Sproles checks in at 5-foot-6, but he carries himself like he's 6-5 and gets big results. He was on the Playboy All-American Team in his K-State days -- and he was one of the most outgoing guys you could ever hope to meet, even though his mother had just passed away. He currently holds the record for single-season all-purpose yards (2,696 in 2011) and is 11th on the all-time list for career all-purpose yards (17,903). He can run, he can catch (which he learned to do after becoming a pro), he can block and he can return kicks, and he's a threat to go all the way on every play. He can pass protect, he can line up on third down, he can catch screen passes and run draws. He's an extremely talented player and an even better person.
*Drafted: Round 4 (No. 108 overall) in 2006 by the New Orleans Saints.
Team: Saints, 2006-2015.*
Very few great offensive linemen come out of small schools, but this Bloomsburg University product, who arrived in New Orleans the same year Drew Brees did, proved to be a crucial piece of the Saints' offensive dominance (they ranked in the top five in offense in nine of Evans' 10 seasons). Small-school O-linemen tend to be at a disadvantage in terms of technique coaching and competition level, but the six-time Pro Bowler -- a current free agent -- became a remarkable success story, thriving as both a run blocker and pass protector.
*Drafted: Round 6 (No. 195 overall) in 2010 by the Pittsburgh Steelers.
Team: Steelers, 2010-present.*
With just five seasons of serious targets under his belt, Brown is already succeeding at historic levels: In 2015, he became the first player in NFL history to post consecutive seasons with 125-plus catches. He ranks second (with 136 catches in 2015) and fourth (with 129 in 2014) on the all-time single-season receptions list, and fourth (with 1,834 yards in 2015) and eighth (with 1,698 in 2014) on the single-season yardage list. He can run every route, whether it's a crossing route or a deep route. His quickness is unparalleled. This is a special player.
*Drafted: Round 5 (No. 138 overall) in 2003 by the Indianapolis Colts.
Team: Colts, 2003-present.*
He does not seem as tall as listed; if there's such a thing as a short 6-foot-2 guy, Mathis is a short 6-2 guy. But he brings loads of speed and quickness, and plenty of competitive juices. Coming out of a small school (Alabama A&M), Mathis was kind of discovered at his pro day. The sack machine (he led the league with 19.5 sacks in 2013) is ranked here because of his production and longevity. Even after missing 2014 (suspension/Achilles tear), Mathis contributed seven sacks at age 34. Any time you can get 118 sacks (20th all time) out of anyone picked after the third round, you're doing well.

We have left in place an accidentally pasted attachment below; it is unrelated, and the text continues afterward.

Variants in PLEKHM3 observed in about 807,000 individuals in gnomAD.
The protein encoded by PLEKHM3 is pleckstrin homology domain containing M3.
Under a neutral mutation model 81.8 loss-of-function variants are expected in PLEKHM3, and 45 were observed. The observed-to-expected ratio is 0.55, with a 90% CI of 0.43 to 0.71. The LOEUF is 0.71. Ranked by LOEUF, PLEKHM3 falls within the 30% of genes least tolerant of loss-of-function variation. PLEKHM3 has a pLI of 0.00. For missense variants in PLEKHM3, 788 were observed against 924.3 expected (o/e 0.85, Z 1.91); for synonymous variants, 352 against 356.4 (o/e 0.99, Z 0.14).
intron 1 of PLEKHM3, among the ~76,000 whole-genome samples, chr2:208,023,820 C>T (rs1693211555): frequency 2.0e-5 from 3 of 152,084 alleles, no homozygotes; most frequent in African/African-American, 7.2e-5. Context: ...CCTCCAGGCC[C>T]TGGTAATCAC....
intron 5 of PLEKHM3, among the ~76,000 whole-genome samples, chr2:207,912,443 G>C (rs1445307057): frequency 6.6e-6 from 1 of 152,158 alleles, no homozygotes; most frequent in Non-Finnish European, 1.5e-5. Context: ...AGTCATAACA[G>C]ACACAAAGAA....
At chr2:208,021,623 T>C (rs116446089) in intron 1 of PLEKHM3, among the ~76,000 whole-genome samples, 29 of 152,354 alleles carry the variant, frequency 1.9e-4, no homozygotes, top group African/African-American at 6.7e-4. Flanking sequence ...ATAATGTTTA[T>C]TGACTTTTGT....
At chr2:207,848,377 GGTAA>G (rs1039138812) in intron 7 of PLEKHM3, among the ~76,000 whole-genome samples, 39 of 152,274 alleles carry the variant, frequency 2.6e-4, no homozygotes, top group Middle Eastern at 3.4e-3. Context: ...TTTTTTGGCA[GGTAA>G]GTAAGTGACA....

*Drafted: Round 5 (No. 154 overall) in 2011 by the Seattle Seahawks.
Team: Seahawks, 2011-present.*
Sherman might have gone undrafted if he hadn't been a late addition to the Senior Bowl, where he really turned heads. The former receiver is a bright guy who clearly found his position, given that he has turned into a three-time Pro Bowler who led the NFL with eight picks in 2013. He also, of course, helped Seattle reach two Super Bowls and win one. If there's a true shutdown corner in the NFL today, it's Sherman.
*Drafted: Round 4 (No. 119 overall) in 2006 by the Denver Broncos.
Marshall's competitiveness stands out among receivers; not every pass catcher will fight for the ball like he should, but Marshall will hang on to the ball like it's a rope and he's dangling 70 stories above the ground. He just engulfs it, and once he does so, he's pretty tough to bring down. He's a fiercely competitive guy who has been a difference maker wherever he's been, notching six 100-catch seasons and eight 1,000-yard campaigns (with at least one on every team he's played for). The six-time Pro Bowler ranks 22nd all-time in receptions (882), 31st all-time in yards (11,273) and is tied for 25th in receiving touchdowns (79).
*Drafted: Round 4 (No. 126 overall) in 2004 by the Kansas City Chiefs.
He was added to the East-West Shrine Game as a deep snapper, just because we didn't have one -- he was kind of an afterthought. The Idaho State product, who retired in February, went on to collect 136 sacks, tied with Julius Peppers for ninth-most all time. He also is tied with Justin Houston and Mark Gastineau for the second-highest single-season sack total (22 in 2011). Notably, Allen was very good against the run, a relative rarity among guys who rack up sacks like he did.
*Drafted: Round 6 (No. 199 overall) in 2000 by the New England Patriots.
Team: Patriots, 2000-present.*
I invited Brady to the East-West Shrine Game. He was a thin-chested guy who didn't look like he'd worked very much on his body, but you knew he was a competitor because of the way he dealt with the pressure of fending off Drew Henson at Michigan. I thought he was a player, but nowhere in my wildest dreams did I ever think he'd achieve what he has. Outside of being a very smart guy who knows where to throw the ball, Brady possesses incredible competitiveness and a real will to succeed. He just keeps working. He's one in a heckuva lot more than a million.